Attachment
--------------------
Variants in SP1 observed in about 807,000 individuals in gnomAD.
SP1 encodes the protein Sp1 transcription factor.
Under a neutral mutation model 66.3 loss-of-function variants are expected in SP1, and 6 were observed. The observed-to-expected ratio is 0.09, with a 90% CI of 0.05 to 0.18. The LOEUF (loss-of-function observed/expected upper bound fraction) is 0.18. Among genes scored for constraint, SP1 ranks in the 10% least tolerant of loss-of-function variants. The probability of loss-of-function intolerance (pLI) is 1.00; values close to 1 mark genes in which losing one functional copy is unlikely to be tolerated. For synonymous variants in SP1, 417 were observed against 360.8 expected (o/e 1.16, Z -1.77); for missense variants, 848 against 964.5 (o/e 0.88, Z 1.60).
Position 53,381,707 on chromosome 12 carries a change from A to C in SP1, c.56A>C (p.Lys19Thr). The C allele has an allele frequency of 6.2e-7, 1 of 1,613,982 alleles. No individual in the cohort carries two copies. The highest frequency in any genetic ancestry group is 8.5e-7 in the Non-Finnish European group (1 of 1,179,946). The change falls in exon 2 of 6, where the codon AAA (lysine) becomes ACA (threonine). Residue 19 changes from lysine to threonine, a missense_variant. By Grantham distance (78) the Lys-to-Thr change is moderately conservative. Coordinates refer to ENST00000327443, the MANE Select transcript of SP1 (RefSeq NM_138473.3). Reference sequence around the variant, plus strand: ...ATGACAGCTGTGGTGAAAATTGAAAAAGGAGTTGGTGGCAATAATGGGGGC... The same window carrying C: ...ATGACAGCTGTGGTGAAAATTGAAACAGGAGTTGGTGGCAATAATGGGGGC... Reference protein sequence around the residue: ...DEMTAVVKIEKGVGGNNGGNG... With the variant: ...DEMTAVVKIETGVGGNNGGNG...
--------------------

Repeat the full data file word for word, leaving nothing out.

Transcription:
Variants in SP1 observed in about 807,000 individuals in gnomAD.
SP1 encodes the protein Sp1 transcription factor.
Under a neutral mutation model 66.3 loss-of-function variants are expected in SP1, and 6 were observed. The observed-to-expected ratio is 0.09, with a 90% CI of 0.05 to 0.18. The LOEUF (loss-of-function observed/expected upper bound fraction) is 0.18. Among genes scored for constraint, SP1 ranks in the 10% least tolerant of loss-of-function variants. The probability of loss-of-function intolerance (pLI) is 1.00; values close to 1 mark genes in which losing one functional copy is unlikely to be tolerated. For synonymous variants in SP1, 417 were observed against 360.8 expected (o/e 1.16, Z -1.77); for missense variants, 848 against 964.5 (o/e 0.88, Z 1.60).
Position 53,381,707 on chromosome 12 carries a change from A to C in SP1, c.56A>C (p.Lys19Thr). The C allele has an allele frequency of 6.2e-7, 1 of 1,613,982 alleles. No individual in the cohort carries two copies. The highest frequency in any genetic ancestry group is 8.5e-7 in the Non-Finnish European group (1 of 1,179,946). The change falls in exon 2 of 6, where the codon AAA (lysine) becomes ACA (threonine). Residue 19 changes from lysine to threonine, a missense_variant. By Grantham distance (78) the Lys-to-Thr change is moderately conservative. Coordinates refer to ENST00000327443, the MANE Select transcript of SP1 (RefSeq NM_138473.3). Reference sequence around the variant, plus strand: ...ATGACAGCTGTGGTGAAAATTGAAAAAGGAGTTGGTGGCAATAATGGGGGC... The same window carrying C: ...ATGACAGCTGTGGTGAAAATTGAAACAGGAGTTGGTGGCAATAATGGGGGC... Reference protein sequence around the residue: ...DEMTAVVKIEKGVGGNNGGNG... With the variant: ...DEMTAVVKIETGVGGNNGGNG...